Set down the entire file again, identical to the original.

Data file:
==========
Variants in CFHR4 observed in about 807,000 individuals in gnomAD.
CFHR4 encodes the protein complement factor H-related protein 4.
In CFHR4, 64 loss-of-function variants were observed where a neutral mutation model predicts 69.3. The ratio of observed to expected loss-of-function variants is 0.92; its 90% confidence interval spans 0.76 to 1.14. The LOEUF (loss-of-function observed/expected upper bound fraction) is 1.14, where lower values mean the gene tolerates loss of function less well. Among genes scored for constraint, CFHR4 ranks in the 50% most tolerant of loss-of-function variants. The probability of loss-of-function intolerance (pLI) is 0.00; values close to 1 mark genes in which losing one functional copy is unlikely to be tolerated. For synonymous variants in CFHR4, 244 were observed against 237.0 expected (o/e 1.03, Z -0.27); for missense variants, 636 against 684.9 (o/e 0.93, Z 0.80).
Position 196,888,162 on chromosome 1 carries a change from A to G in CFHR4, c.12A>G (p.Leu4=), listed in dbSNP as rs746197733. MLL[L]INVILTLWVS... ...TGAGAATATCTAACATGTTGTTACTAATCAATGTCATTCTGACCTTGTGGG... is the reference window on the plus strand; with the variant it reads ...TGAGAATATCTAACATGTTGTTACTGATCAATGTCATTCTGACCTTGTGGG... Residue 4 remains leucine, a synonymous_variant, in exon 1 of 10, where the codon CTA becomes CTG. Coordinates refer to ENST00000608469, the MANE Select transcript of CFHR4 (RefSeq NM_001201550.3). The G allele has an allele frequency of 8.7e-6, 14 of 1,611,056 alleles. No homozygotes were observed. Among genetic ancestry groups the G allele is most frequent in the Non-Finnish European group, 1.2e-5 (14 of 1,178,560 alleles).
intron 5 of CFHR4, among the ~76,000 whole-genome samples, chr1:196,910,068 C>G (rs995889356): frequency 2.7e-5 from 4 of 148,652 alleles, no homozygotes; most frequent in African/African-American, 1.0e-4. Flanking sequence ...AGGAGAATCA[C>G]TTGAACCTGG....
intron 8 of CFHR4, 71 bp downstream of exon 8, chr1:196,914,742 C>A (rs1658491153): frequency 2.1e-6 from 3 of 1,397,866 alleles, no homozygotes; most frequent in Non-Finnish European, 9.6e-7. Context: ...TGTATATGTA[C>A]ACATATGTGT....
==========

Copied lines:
Variants in CFHR4 observed in about 807,000 individuals in gnomAD.
CFHR4 encodes the protein complement factor H-related protein 4.
In CFHR4, 64 loss-of-function variants were observed where a neutral mutation model predicts 69.3. The ratio of observed to expected loss-of-function variants is 0.92; its 90% confidence interval spans 0.76 to 1.14. The LOEUF (loss-of-function observed/expected upper bound fraction) is 1.14, where lower values mean the gene tolerates loss of function less well. Among genes scored for constraint, CFHR4 ranks in the 50% most tolerant of loss-of-function variants. The probability of loss-of-function intolerance (pLI) is 0.00; values close to 1 mark genes in which losing one functional copy is unlikely to be tolerated. For synonymous variants in CFHR4, 244 were observed against 237.0 expected (o/e 1.03, Z -0.27); for missense variants, 636 against 684.9 (o/e 0.93, Z 0.80).
Position 196,888,162 on chromosome 1 carries a change from A to G in CFHR4, c.12A>G (p.Leu4=), listed in dbSNP as rs746197733. MLL[L]INVILTLWVS... ...TGAGAATATCTAACATGTTGTTACTAATCAATGTCATTCTGACCTTGTGGG... is the reference window on the plus strand; with the variant it reads ...TGAGAATATCTAACATGTTGTTACTGATCAATGTCATTCTGACCTTGTGGG... Residue 4 remains leucine, a synonymous_variant, in exon 1 of 10, where the codon CTA becomes CTG. Coordinates refer to ENST00000608469, the MANE Select transcript of CFHR4 (RefSeq NM_001201550.3). The G allele has an allele frequency of 8.7e-6, 14 of 1,611,056 alleles. No homozygotes were observed. Among genetic ancestry groups the G allele is most frequent in the Non-Finnish European group, 1.2e-5 (14 of 1,178,560 alleles).
intron 5 of CFHR4, among the ~76,000 whole-genome samples, chr1:196,910,068 C>G (rs995889356): frequency 2.7e-5 from 4 of 148,652 alleles, no homozygotes; most frequent in African/African-American, 1.0e-4. Flanking sequence ...AGGAGAATCA[C>G]TTGAACCTGG....
intron 8 of CFHR4, 71 bp downstream of exon 8, chr1:196,914,742 C>A (rs1658491153): frequency 2.1e-6 from 3 of 1,397,866 alleles, no homozygotes; most frequent in Non-Finnish European, 9.6e-7. Context: ...TGTATATGTA[C>A]ACATATGTGT....